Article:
1932

Abstract

The purpose of this review is to explore self-organizing mechanisms that pattern microtubules (MTs) and spatially organize animal cell cytoplasm, inspired by recent experiments in frog egg extract. We start by reviewing conceptual distinctions between self-organizing and templating mechanisms for subcellular organization. We then discuss self-organizing mechanisms that generate radial MT arrays and cell centers in the absence of centrosomes. These include autocatalytic MT nucleation, transport of minus ends, and nucleation from organelles such as melanosomes and Golgi vesicles that are also dynein cargoes. We then discuss mechanisms that partition the cytoplasm in syncytia, in which multiple nuclei share a common cytoplasm, starting with cytokinesis, when all metazoan cells are transiently syncytial. The cytoplasm of frog eggs is partitioned prior to cytokinesis by two self-organizing modules, protein regulator of cytokinesis 1 (PRC1)-kinesin family member 4A (KIF4A) and chromosome passenger complex (CPC)-KIF20A. Similar modules may partition longer-lasting syncytia, such as early embryos. We end by discussing shared mechanisms and principles for the MT-based self-organization of cellular units.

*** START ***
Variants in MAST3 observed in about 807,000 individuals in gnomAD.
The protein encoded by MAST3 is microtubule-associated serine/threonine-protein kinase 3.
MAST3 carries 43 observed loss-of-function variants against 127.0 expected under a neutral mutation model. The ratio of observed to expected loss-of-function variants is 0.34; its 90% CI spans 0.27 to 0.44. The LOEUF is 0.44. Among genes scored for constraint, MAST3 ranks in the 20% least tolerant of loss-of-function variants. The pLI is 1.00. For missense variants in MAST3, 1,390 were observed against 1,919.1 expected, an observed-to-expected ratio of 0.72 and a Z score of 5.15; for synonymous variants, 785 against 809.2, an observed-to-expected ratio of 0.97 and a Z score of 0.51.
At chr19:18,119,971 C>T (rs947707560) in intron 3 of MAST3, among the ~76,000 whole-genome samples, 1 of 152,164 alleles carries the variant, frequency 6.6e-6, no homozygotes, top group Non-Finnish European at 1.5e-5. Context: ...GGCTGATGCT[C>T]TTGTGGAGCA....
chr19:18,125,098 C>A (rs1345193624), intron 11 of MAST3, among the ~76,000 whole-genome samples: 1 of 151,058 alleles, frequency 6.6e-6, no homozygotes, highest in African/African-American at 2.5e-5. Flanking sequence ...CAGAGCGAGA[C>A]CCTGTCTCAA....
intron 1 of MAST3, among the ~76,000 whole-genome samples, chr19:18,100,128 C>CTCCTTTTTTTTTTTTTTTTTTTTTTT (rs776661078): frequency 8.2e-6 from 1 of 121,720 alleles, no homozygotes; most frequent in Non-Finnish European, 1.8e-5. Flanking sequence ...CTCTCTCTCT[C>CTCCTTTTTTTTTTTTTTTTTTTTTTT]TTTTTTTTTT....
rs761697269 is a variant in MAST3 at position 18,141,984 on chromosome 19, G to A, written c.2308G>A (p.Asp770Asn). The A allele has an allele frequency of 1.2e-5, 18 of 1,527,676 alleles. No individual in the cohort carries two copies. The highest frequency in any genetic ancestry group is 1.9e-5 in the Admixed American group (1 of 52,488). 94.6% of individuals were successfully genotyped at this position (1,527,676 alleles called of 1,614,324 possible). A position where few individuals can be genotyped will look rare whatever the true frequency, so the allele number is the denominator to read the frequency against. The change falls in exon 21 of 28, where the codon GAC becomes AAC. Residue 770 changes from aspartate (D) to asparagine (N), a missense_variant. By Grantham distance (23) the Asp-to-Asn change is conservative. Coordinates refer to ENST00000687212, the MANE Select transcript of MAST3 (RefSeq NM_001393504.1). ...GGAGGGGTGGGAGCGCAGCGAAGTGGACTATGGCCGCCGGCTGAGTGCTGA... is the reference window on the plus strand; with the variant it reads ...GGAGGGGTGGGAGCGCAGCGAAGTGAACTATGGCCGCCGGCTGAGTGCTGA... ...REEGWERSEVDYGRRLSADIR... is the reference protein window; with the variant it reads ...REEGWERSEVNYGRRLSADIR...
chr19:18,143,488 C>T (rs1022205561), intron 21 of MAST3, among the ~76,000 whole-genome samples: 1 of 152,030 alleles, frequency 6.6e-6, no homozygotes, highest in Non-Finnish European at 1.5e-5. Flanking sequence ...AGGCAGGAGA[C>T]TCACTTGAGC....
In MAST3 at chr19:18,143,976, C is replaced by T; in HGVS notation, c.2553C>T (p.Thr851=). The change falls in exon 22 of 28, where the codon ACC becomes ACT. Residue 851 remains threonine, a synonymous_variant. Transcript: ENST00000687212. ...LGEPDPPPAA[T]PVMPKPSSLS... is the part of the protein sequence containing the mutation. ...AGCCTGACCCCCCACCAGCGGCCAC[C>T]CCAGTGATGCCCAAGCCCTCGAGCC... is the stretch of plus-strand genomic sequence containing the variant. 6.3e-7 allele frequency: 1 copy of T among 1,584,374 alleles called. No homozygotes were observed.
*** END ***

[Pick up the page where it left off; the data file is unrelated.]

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2021-10-06
2024-06-16
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